When we “should” ourselves, we are basically telling ourselves that who we are in this moment is not ok. This is a type of self-abandonment.
“I shouldn’t be angry,” is a statement that both makes my anger wrong and, more fundamentally, makes me wrong for having my anger. I am communicating to myself that how and who I currently am is unacceptable.
Similarly, “I should be happier,” is a statement that both invalidates my present-moment experience (whatever it may be) and invalidates myself (for having that experience).
Statements such as these are a type of self-abandonment because they involve saying “no” to who we are in the moment. They turn us away from ourselves and our experiencing with an attitude of frustration, exasperation, lack of kindness and impatience.
We leave the truth of our experiencing (i.e. we don’t participate in what is currently happening) and we make the truth wrong. But how could the truth be wrong? The truth is what’s true. A refusal to acknowledge and participate in what’s true is an example of avoidance behavior. And avoidance behavior comes with a price tag, sooner or later.
Our refusal to participate in the truth of our experience is equivalent to the claim that the truth is somehow unbearable. Too much. That it would destroy us to feel. That it is problematic. But how can we be certain that this claim is accurate and legitimate if we don’t actually give it a shot? If we don’t participate in it? If we just run away from it?
The antidote is to participate fully with what is most true right now. To experience the sensation of anger in a raw, embodied way. To experience the sadness or anxiety or lethargy that is there, even though we wish it weren’t.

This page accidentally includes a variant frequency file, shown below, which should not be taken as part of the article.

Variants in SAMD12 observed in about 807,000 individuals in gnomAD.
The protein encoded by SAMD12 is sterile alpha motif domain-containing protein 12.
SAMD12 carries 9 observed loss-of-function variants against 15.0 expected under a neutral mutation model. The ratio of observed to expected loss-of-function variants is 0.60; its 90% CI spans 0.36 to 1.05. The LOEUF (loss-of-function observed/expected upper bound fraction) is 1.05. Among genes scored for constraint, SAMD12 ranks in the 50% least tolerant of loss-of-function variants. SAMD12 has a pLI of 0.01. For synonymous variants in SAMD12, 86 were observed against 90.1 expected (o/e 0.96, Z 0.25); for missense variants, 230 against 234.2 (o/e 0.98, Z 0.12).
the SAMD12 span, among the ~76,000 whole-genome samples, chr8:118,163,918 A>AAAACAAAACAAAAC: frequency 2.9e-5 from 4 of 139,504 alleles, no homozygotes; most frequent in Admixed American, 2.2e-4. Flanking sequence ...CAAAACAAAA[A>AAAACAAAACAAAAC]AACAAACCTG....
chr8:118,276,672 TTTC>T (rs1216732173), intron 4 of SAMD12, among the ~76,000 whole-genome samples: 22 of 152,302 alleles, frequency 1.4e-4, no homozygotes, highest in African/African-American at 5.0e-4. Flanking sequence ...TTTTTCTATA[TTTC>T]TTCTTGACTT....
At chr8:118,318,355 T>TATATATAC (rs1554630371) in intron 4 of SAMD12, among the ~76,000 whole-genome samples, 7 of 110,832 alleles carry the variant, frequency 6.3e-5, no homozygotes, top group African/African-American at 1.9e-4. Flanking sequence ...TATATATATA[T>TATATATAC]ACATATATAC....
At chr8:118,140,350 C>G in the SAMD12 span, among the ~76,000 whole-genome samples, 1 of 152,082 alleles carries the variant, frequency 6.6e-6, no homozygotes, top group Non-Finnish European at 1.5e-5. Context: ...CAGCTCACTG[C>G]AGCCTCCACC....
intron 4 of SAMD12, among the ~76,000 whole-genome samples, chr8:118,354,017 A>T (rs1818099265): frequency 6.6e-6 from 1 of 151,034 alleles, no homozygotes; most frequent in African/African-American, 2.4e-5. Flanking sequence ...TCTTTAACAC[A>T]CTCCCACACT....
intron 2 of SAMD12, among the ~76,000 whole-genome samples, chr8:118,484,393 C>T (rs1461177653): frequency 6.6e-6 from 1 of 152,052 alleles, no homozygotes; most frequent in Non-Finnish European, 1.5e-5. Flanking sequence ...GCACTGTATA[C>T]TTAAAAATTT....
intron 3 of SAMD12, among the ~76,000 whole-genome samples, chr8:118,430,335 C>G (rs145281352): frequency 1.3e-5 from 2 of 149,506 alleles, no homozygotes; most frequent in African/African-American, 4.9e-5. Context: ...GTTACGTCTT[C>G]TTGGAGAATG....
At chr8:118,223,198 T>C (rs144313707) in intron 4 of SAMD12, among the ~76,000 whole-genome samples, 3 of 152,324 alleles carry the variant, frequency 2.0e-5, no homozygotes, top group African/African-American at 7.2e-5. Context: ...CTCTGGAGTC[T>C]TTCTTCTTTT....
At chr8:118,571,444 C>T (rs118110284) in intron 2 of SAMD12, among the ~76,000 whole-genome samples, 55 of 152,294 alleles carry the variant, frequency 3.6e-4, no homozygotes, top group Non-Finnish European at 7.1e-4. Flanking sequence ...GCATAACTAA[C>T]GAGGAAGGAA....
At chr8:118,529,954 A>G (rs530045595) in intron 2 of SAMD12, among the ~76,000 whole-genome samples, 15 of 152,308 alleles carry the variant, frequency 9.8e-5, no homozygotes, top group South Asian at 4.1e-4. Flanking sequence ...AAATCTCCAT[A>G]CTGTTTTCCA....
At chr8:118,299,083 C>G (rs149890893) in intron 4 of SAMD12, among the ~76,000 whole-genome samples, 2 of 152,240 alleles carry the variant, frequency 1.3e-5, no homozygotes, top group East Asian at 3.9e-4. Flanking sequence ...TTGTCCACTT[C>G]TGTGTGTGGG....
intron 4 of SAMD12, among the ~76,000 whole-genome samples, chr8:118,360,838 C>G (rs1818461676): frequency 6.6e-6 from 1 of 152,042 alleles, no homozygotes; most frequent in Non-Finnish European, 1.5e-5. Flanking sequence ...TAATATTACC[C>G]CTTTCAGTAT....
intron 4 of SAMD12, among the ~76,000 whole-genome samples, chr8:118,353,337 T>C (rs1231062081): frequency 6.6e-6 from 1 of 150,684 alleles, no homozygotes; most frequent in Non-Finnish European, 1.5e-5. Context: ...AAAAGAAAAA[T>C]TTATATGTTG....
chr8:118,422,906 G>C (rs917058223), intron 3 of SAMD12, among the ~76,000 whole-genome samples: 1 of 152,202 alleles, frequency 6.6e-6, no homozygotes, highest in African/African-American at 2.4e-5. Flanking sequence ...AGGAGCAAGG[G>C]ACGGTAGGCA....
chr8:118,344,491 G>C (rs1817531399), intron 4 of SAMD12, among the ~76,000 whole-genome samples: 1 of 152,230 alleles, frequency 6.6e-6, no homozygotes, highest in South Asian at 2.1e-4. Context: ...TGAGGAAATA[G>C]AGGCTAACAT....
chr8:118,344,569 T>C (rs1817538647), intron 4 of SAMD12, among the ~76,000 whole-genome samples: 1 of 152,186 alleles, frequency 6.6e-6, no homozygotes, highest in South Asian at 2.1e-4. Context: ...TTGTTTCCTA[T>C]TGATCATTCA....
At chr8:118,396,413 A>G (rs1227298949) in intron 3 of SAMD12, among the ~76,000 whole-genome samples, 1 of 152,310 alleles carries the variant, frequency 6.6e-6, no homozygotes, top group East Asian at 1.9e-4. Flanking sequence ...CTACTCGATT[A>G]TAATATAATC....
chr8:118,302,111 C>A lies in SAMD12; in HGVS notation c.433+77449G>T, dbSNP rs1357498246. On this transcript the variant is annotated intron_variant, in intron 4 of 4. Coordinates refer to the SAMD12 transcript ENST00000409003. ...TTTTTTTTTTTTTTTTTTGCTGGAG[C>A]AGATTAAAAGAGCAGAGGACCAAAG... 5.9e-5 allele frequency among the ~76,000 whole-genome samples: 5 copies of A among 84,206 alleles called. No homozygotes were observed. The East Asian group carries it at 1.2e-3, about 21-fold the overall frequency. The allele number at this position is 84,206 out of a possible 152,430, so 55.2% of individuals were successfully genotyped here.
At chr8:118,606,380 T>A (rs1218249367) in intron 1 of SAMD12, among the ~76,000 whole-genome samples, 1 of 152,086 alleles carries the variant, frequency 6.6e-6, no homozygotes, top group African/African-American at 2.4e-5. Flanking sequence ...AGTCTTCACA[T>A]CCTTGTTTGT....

What experience am I currently having that I am claiming to be unworkable/problematic and that I need to escape from?
The line of inquiry brings me in touch with myself. A sense of empowerment, workability and confidence arises from the commitment to remain in relationship with myself, regardless of my current experience.
Putting “shoulds” on myself undermines that confidence and reinforces the conviction that it is not ok for me to be who I am.
But, a word to the wise, we don’t want to be too critical of our “shoulds”. They are an out-of-date strategy for taking the best care of ourselves possible. As such, they are worth being kind to. Their childhood origin sounds something like this, “Apparently, I am not going to be loved and accepted for simply being who I am, so the best way to get the acceptance and love I desperately need is to figure out who I should be and to mold myself accordingly and continually.”
So, we notice the “should”, offer an attitude of kindness towards the “should”, and then investigate whether the “should” is still accurate. For example, is it killing me/ruining my life/rendering me forever unworthy of love if I am unhappy in this moment? If I am angry in this moment?
Hopefully, the answer to these questions is “no”. Assuming it is, we can then take on the risk of participating in the truth of our experiencing. The set of behaviors and actions that arise from this – as opposed to those that arise from an attitude of avoidance – are likely to be much more skillful and effective. We are engaging with life based on current reality, as opposed to out-dated beliefs.
If anything, when we say “yes” to ourselves instead of abandoning ourselves, the resulting sense of empowerment and confidence is a powerful form of healing in and of itself.